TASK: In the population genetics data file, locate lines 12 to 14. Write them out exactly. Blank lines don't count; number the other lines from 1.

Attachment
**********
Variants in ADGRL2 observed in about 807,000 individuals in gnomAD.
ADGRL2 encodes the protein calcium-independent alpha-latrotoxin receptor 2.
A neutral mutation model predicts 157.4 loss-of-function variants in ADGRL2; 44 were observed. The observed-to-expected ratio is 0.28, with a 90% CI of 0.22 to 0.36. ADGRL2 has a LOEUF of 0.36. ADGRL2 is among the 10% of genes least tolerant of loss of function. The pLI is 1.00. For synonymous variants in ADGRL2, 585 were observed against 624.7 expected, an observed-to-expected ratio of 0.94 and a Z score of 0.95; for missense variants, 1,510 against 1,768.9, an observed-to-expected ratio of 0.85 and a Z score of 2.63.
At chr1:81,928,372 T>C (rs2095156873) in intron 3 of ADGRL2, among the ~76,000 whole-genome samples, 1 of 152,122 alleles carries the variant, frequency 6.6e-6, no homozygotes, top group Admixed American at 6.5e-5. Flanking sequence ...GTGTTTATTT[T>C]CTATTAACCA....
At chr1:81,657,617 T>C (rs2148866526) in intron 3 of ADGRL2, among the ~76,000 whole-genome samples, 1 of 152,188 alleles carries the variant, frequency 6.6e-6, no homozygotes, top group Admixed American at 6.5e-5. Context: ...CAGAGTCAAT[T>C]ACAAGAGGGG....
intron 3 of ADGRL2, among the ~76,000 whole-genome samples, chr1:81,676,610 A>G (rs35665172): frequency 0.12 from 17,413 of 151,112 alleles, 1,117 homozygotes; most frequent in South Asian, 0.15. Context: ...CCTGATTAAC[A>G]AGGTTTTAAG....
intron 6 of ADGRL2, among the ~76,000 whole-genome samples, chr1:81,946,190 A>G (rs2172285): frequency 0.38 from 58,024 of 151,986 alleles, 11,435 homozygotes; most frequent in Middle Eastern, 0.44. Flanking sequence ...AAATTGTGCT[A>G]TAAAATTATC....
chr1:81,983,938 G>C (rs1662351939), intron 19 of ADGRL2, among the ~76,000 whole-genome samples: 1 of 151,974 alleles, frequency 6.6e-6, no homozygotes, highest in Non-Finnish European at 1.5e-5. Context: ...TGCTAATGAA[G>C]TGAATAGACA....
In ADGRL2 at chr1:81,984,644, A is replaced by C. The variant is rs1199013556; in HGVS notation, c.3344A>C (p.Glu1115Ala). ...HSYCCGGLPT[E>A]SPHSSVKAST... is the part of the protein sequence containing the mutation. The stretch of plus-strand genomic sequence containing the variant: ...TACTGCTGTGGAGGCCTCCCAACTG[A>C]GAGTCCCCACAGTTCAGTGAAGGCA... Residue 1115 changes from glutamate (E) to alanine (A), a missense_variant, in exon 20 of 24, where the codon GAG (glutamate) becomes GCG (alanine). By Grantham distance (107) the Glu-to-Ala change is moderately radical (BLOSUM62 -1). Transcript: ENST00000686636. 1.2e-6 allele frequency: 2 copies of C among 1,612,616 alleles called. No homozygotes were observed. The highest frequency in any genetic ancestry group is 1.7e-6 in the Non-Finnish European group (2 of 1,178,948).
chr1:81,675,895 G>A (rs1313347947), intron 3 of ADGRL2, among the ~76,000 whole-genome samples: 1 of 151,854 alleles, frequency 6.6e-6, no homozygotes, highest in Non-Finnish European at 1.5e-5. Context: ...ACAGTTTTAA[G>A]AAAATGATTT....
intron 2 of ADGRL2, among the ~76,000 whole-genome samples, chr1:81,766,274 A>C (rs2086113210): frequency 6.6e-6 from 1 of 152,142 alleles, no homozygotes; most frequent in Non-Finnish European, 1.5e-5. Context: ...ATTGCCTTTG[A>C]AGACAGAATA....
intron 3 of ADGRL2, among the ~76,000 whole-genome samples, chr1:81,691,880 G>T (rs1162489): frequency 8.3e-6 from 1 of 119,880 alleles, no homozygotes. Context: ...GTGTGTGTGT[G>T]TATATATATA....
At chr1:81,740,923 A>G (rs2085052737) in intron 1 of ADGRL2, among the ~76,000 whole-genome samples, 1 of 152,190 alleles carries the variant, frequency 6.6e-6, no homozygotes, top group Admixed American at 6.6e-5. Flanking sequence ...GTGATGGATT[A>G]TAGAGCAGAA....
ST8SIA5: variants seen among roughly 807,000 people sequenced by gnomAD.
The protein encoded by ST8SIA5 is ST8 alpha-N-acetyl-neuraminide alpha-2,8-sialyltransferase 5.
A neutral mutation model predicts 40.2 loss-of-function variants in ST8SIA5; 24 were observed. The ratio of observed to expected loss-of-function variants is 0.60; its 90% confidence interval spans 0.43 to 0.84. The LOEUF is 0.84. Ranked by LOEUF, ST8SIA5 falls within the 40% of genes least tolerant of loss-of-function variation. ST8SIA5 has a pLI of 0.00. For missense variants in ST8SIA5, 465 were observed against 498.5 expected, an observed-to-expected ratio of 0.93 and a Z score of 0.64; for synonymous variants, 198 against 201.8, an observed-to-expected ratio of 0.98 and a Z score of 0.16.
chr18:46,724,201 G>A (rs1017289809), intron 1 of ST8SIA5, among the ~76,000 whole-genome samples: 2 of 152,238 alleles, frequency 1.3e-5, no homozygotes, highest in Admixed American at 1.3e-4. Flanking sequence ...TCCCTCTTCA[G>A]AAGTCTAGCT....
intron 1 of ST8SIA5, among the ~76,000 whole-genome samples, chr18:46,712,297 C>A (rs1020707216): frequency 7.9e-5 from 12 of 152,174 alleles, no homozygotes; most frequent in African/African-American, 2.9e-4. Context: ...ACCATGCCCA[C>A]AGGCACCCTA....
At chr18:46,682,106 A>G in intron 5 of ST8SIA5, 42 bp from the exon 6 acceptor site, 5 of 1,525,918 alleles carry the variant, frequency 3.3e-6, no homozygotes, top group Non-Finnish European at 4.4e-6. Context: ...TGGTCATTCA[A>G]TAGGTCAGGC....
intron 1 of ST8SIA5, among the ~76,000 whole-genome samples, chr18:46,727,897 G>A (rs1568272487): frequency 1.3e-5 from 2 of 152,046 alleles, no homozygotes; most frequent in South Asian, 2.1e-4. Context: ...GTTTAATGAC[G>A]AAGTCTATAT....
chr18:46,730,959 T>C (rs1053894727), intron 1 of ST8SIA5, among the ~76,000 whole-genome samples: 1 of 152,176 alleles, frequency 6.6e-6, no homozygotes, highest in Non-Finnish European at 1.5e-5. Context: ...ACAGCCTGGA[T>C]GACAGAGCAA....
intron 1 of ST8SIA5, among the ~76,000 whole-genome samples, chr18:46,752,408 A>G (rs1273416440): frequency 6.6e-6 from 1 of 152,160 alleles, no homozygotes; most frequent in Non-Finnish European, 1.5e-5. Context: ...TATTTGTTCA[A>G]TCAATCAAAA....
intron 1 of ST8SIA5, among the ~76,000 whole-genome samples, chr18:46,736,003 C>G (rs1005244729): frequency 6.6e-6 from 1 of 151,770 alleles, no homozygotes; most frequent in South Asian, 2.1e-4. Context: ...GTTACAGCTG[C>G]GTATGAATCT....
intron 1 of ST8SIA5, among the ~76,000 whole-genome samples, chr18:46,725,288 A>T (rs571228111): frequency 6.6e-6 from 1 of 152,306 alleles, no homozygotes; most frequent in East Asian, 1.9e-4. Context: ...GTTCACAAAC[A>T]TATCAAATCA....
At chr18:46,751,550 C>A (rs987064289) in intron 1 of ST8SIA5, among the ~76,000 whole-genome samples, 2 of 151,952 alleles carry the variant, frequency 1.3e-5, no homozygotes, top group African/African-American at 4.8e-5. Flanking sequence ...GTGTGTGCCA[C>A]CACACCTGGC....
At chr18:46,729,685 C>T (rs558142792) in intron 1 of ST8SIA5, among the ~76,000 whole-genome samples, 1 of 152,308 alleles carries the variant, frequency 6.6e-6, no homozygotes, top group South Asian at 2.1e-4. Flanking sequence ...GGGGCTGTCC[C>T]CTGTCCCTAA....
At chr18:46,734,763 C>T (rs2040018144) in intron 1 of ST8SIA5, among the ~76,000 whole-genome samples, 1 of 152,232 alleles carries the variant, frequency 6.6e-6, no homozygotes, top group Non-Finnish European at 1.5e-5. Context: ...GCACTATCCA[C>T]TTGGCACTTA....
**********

intron 3 of ADGRL2, among the ~76,000 whole-genome samples, chr1:81,691,880 G>T (rs1162489): frequency 8.3e-6 from 1 of 119,880 alleles, no homozygotes. Context: ...GTGTGTGTGT[G>T]TATATATATA....
At chr1:81,740,923 A>G (rs2085052737) in intron 1 of ADGRL2, among the ~76,000 whole-genome samples, 1 of 152,190 alleles carries the variant, frequency 6.6e-6, no homozygotes, top group Admixed American at 6.6e-5. Flanking sequence ...GTGATGGATT[A>G]TAGAGCAGAA....
ST8SIA5: variants seen among roughly 807,000 people sequenced by gnomAD.